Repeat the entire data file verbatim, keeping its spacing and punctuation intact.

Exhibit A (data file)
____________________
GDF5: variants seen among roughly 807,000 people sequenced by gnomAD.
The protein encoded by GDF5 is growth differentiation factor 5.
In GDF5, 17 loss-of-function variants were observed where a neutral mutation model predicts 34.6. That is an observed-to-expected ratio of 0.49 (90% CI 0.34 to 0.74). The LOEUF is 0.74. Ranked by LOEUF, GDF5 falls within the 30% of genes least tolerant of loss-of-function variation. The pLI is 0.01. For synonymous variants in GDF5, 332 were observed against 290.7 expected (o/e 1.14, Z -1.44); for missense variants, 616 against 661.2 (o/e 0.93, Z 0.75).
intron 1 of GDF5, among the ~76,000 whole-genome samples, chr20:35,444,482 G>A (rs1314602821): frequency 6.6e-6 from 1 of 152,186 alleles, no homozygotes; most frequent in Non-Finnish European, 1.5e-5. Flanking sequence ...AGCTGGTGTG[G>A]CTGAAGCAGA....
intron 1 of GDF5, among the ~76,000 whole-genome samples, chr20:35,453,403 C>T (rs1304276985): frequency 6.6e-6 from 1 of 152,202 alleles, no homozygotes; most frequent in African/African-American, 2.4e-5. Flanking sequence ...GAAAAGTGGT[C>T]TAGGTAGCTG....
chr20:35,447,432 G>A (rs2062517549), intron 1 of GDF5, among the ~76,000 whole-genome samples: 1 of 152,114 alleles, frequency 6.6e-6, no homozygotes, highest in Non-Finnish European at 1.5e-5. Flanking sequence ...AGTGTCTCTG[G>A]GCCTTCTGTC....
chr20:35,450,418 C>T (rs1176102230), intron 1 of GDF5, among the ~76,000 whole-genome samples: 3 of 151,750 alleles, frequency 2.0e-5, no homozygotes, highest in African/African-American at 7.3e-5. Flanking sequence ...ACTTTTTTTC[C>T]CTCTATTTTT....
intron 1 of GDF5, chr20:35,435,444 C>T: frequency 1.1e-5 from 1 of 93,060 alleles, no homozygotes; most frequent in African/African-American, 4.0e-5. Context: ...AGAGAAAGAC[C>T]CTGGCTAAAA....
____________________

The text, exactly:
GDF5: variants seen among roughly 807,000 people sequenced by gnomAD.
The protein encoded by GDF5 is growth differentiation factor 5.
In GDF5, 17 loss-of-function variants were observed where a neutral mutation model predicts 34.6. That is an observed-to-expected ratio of 0.49 (90% CI 0.34 to 0.74). The LOEUF is 0.74. Ranked by LOEUF, GDF5 falls within the 30% of genes least tolerant of loss-of-function variation. The pLI is 0.01. For synonymous variants in GDF5, 332 were observed against 290.7 expected (o/e 1.14, Z -1.44); for missense variants, 616 against 661.2 (o/e 0.93, Z 0.75).
intron 1 of GDF5, among the ~76,000 whole-genome samples, chr20:35,444,482 G>A (rs1314602821): frequency 6.6e-6 from 1 of 152,186 alleles, no homozygotes; most frequent in Non-Finnish European, 1.5e-5. Flanking sequence ...AGCTGGTGTG[G>A]CTGAAGCAGA....
intron 1 of GDF5, among the ~76,000 whole-genome samples, chr20:35,453,403 C>T (rs1304276985): frequency 6.6e-6 from 1 of 152,202 alleles, no homozygotes; most frequent in African/African-American, 2.4e-5. Flanking sequence ...GAAAAGTGGT[C>T]TAGGTAGCTG....
chr20:35,447,432 G>A (rs2062517549), intron 1 of GDF5, among the ~76,000 whole-genome samples: 1 of 152,114 alleles, frequency 6.6e-6, no homozygotes, highest in Non-Finnish European at 1.5e-5. Flanking sequence ...AGTGTCTCTG[G>A]GCCTTCTGTC....
chr20:35,450,418 C>T (rs1176102230), intron 1 of GDF5, among the ~76,000 whole-genome samples: 3 of 151,750 alleles, frequency 2.0e-5, no homozygotes, highest in African/African-American at 7.3e-5. Flanking sequence ...ACTTTTTTTC[C>T]CTCTATTTTT....
intron 1 of GDF5, chr20:35,435,444 C>T: frequency 1.1e-5 from 1 of 93,060 alleles, no homozygotes; most frequent in African/African-American, 4.0e-5. Context: ...AGAGAAAGAC[C>T]CTGGCTAAAA....